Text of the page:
As early as the 1820s, side-wheel steamers plied the waters of Narragansett Bay, Buzzard's Bay, the Atlantic Ocean, and Long Island Sound between the ports of southern New England and New York City. Narragansett Bay is a Bay and Estuary on the north side of Rhode Island Sound. Buzzards Bay is a bay of the Atlantic Ocean adjacent to the state of Massachusetts. Long Island Sound is an Estuary of the Atlantic Ocean and various Rivers in the United States that lies between the coast of Connecticut History See also History of New England New England's earliest inhabitants were Algonquian -speaking Native Americans including the The City of New York Eventually most of the steamship lines that traversed "The Sound" came under the control of J. P. Morgan who consolidated them into the New England Steamship Company, probably better know by the name of its most famous route, the Fall River Line, which transported Astors, Vanderbilts, and the elite of the Eastern Establishment between New York City, Boston, and their palatial summer 'cottages' at Newport, Rhode Island. John Pierpont Morgan ( April 17, 1837 &ndash March 31, 1913) was an American financier banker and art collector who The Fall River Line was a combination Steamboat and Railroad connection between New York City and Boston that operated between 1847 and The City of New York Newport (Casnewydd is a city and principal area in Wales, in the United Kingdom. Rhode Island ( officially named the State of Rhode Island and Providence Plantations, is a state in the New England region of the United States The last of the great paddle steamer fleet was put out of business by a combination of competition from railroads and automobiles, labor troubles, and the Great Depression ecomomy in 1937; however, service on "The Sound" between Providence, and New York City continued with screw steamers, until brought to an end in early 1942 by the menace of WWII German U-boat attacks. The City of New York World War II, or the Second World War, (often abbreviated WWII) was a global military conflict which involved a majority of the world's nations, including U-boat is the anglicized version of the German word, itself an abbreviation of Unterseeboot ( undersea boat) and refers
Commodore Matthew Perry of the United States used steamships (such as the USS Mississippi) to help force Japan to open its ports up to American trade in 1853. Matthew Calbraith Perry ( April 10, 1794 &ndash March 4, 1858) was the Commodore of the U are the final years of the Edo period when the Tokugawa shogunate came to an end This was a contributing factor to the Meiji Restoration. The, also known as the Meiji Ishin, Revolution, or Renewal, was a chain of events that led to enormous changes in Japan 's political and social structure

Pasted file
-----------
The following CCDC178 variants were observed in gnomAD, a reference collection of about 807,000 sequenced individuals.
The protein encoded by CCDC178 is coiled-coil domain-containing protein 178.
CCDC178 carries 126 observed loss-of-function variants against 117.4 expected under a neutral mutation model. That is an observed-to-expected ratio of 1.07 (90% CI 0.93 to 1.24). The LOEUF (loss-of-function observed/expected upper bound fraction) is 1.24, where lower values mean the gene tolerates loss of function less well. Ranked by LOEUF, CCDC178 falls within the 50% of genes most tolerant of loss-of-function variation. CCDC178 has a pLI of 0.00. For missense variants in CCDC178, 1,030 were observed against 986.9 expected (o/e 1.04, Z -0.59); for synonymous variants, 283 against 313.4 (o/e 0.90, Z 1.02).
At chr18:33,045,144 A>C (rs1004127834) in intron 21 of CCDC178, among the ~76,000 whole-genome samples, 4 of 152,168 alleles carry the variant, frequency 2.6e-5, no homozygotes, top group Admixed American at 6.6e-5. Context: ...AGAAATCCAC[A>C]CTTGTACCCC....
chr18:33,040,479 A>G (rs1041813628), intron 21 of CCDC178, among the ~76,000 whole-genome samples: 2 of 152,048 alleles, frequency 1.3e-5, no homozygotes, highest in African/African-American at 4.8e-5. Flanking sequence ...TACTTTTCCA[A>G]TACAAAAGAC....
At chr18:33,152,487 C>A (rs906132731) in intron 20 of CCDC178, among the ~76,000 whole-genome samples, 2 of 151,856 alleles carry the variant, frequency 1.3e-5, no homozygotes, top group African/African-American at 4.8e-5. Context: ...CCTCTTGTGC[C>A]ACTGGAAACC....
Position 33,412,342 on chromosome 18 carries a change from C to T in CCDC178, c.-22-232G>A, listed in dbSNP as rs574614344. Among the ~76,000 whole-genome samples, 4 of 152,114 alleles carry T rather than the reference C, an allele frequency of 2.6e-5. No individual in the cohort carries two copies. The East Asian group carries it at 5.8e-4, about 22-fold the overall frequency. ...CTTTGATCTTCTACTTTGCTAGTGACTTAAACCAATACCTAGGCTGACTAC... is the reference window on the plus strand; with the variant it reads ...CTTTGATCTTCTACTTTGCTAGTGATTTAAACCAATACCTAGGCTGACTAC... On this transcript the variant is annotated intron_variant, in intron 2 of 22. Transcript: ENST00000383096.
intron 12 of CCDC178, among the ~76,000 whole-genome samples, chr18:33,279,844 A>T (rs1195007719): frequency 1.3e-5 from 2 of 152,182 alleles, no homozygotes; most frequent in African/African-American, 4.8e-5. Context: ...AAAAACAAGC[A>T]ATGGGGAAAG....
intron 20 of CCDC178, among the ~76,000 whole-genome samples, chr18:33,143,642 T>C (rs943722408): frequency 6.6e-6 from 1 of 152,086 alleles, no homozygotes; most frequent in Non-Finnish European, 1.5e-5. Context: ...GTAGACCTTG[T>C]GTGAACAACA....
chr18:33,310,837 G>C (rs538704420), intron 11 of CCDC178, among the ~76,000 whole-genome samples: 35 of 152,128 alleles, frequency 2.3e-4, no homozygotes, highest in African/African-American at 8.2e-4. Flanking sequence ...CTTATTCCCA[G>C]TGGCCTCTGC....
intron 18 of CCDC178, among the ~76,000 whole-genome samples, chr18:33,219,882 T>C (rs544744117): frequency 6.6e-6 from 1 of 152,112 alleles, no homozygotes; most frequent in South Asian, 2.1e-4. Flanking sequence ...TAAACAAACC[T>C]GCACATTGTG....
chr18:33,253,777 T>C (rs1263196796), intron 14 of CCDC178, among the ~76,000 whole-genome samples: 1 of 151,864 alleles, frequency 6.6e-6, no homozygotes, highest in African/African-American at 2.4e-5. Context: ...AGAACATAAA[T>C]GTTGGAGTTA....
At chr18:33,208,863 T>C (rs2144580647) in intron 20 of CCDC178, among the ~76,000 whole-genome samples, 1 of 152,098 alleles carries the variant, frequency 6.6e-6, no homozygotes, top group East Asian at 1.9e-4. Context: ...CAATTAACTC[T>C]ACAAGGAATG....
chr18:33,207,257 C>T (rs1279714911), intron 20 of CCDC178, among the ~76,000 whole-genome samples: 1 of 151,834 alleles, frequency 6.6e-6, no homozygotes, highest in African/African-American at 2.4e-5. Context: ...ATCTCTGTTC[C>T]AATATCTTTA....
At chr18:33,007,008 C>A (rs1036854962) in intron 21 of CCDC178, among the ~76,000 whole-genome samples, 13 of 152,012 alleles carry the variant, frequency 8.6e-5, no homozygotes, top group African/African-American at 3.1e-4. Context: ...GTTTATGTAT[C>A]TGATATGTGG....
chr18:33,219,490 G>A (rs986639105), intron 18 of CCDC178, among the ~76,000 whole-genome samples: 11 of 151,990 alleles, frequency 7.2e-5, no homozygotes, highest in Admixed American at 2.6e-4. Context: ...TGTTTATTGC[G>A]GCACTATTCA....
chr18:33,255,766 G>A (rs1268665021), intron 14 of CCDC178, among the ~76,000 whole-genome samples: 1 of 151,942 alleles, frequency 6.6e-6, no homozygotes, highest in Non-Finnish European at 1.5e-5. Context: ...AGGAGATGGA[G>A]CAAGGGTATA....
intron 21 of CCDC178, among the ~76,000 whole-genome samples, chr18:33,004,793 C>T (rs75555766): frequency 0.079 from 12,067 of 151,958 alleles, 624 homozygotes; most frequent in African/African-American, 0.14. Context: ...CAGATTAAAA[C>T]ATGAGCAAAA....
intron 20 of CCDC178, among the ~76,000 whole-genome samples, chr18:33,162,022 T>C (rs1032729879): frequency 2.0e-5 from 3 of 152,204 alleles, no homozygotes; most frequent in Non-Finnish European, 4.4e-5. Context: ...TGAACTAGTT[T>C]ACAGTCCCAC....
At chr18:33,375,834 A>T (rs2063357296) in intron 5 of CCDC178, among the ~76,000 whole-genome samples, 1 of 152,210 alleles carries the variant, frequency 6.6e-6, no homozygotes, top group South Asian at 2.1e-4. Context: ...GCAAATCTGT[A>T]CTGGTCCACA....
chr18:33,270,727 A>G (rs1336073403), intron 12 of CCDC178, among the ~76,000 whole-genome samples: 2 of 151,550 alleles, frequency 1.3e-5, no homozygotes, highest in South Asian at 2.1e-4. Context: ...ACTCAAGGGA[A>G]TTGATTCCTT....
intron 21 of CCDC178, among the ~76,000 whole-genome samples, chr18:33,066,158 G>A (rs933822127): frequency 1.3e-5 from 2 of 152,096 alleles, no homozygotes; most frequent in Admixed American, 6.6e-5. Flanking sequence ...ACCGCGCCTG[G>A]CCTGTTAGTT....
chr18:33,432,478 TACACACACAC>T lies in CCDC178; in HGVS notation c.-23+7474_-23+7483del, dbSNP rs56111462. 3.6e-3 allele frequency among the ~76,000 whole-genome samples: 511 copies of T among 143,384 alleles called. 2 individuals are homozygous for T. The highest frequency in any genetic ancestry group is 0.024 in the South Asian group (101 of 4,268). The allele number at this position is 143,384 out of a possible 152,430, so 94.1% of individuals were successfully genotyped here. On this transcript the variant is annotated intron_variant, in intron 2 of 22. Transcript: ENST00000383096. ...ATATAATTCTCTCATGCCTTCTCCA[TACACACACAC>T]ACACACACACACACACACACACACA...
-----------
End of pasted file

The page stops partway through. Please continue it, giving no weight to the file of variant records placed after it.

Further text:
By 1870, a number of inventions, such as the screw propeller and the triple expansion engine made trans-oceanic shipping economically viable. A propeller is essentially a type of fan which transmits power by converting Rotational motion into Thrust for propulsion of a vehicle such as an A steam engine is a Heat engine that performs Mechanical work using Steam as its Working fluid. Thus began the era of cheap and safe travel and trade around the world.
RMS Titanic was the largest steamship in the world when she sank in 1912; a subsequent major sinking of a steamer was that of the RMS Lusitania, as an act of World War I. Construction The Titanic was a White Star Line ocean liner built at the Harland and Wolff shipyard in Belfast, Ireland Construction and trials Owned by the Cunard Steamship Company built by John Brown and Company Lusitania was named for the ancient Roman province of World War I (abbreviated WWI; also known as the First World War, the Great War, and the War to End All Launched in 1938, RMS Queen Elizabeth was the largest passenger steamship ever built. Maiden voyage At the start of World War II the Queen Elizabeth had been launched and was still in the process of fitting out Launched in 1969, RMS Queen Elizabeth 2 (QE2) was the last passenger steamship to cross the Atlantic Ocean on a scheduled liner voyage before she was converted to diesels in 1986. Characteristics The ship has a and is 963 ft (294 m long She had a top speed of using her original steam turbine powerplant which was increased to when she was re-engined The last major passenger ship built with steam engines was the Fairsky, launched in 1984. History The Sky Wonder was built in 1984 by Chantiers de Nord et de la Mediterranee of La Seyne-Sur